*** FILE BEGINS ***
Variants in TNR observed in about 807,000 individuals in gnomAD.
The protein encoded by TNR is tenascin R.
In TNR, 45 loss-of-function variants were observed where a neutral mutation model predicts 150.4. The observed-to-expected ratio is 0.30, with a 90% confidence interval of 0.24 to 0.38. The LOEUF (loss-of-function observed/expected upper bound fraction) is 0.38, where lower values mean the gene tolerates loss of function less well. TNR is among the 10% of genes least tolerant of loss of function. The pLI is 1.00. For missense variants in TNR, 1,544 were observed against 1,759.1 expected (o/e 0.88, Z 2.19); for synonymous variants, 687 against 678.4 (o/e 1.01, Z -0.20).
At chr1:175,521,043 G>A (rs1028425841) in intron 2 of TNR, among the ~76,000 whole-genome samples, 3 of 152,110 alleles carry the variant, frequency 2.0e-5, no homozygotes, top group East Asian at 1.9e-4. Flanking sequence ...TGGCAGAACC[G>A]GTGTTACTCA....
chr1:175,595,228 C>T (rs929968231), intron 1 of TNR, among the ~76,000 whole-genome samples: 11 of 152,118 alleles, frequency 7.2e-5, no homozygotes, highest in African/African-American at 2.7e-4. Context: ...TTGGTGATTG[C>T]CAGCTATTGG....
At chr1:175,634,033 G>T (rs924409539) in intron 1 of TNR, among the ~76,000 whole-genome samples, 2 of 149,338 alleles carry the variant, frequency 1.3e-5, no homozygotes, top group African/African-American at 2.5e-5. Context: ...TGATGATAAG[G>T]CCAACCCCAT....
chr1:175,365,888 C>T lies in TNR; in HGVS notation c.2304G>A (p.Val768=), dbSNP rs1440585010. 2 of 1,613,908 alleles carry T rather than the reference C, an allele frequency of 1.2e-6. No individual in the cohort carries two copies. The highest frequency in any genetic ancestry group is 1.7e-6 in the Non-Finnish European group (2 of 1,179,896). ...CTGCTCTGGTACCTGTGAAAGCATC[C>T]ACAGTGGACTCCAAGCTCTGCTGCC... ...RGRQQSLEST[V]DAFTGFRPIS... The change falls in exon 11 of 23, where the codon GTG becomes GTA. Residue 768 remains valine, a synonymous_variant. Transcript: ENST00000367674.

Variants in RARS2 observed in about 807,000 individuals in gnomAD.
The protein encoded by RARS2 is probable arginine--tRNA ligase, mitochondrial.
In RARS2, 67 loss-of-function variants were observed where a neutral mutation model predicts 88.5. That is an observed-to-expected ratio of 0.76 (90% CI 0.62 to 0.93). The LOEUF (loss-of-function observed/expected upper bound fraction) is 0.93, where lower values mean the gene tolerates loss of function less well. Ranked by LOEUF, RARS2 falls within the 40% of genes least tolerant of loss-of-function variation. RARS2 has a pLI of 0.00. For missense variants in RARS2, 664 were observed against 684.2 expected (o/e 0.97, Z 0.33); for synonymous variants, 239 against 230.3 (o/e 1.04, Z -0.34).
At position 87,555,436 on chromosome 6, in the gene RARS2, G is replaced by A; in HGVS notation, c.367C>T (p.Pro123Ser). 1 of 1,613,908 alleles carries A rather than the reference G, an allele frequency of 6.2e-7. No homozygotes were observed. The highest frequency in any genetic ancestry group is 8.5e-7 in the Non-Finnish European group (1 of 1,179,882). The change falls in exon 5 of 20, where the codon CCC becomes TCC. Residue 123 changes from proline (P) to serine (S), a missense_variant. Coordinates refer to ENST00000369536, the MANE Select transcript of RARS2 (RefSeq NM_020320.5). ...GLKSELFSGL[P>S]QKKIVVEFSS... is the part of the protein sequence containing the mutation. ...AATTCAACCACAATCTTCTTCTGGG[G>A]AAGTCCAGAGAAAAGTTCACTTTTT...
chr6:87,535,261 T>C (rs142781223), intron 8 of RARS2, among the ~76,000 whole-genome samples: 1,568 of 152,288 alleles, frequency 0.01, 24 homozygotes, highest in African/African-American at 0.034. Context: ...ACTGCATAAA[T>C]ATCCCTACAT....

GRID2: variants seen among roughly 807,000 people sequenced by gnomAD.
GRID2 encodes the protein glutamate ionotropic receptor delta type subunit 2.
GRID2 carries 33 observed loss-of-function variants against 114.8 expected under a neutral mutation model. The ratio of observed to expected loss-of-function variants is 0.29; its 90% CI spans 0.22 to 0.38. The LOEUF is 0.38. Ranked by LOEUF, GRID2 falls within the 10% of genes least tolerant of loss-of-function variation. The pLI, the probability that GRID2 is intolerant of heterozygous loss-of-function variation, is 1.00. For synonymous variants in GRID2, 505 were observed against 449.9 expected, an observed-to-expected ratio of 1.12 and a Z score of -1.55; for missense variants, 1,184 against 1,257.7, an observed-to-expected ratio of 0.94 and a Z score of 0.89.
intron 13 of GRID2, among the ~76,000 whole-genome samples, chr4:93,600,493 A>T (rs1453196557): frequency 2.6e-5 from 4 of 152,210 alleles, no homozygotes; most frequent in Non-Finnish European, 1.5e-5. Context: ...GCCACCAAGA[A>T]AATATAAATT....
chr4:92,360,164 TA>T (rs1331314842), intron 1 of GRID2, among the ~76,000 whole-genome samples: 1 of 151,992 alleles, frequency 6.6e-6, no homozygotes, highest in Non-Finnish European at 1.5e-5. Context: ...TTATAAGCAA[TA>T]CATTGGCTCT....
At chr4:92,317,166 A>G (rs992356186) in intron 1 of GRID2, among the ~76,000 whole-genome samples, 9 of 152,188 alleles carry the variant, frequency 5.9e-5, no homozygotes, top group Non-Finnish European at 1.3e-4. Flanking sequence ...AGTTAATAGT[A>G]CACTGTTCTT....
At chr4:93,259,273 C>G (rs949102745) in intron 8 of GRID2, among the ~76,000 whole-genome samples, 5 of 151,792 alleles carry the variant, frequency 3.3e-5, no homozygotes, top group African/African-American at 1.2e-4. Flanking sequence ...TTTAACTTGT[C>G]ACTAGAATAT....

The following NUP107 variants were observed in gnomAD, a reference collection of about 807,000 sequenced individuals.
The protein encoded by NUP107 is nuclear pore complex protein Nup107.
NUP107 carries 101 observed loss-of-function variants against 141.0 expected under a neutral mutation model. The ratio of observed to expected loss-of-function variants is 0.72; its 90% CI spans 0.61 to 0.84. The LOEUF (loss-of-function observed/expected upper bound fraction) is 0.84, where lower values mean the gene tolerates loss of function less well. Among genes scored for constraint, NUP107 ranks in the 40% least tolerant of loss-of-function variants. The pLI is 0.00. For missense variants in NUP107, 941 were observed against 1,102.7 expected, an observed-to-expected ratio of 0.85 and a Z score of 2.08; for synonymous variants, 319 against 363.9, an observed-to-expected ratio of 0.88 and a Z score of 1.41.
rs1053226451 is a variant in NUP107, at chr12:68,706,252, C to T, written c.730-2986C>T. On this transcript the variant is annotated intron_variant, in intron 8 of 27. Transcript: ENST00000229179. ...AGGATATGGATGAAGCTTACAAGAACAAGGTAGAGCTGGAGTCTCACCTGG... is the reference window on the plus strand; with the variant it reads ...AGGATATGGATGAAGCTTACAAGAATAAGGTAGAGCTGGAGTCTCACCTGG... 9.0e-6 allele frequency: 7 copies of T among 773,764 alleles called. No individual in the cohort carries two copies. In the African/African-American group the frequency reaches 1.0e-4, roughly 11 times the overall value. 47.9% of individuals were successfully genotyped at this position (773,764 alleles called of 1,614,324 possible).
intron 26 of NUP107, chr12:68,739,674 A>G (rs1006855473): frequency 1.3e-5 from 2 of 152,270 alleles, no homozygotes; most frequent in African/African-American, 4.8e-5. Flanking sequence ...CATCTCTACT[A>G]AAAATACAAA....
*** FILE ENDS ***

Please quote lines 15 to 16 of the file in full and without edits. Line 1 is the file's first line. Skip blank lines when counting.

GRID2 carries 33 observed loss-of-function variants against 114.8 expected under a neutral mutation model. The ratio of observed to expected loss-of-function variants is 0.29; its 90% CI spans 0.22 to 0.38. The LOEUF is 0.38. Ranked by LOEUF, GRID2 falls within the 10% of genes least tolerant of loss-of-function variation. The pLI, the probability that GRID2 is intolerant of heterozygous loss-of-function variation, is 1.00. For synonymous variants in GRID2, 505 were observed against 449.9 expected, an observed-to-expected ratio of 1.12 and a Z score of -1.55; for missense variants, 1,184 against 1,257.7, an observed-to-expected ratio of 0.94 and a Z score of 0.89.
intron 13 of GRID2, among the ~76,000 whole-genome samples, chr4:93,600,493 A>T (rs1453196557): frequency 2.6e-5 from 4 of 152,210 alleles, no homozygotes; most frequent in Non-Finnish European, 1.5e-5. Context: ...GCCACCAAGA[A>T]AATATAAATT....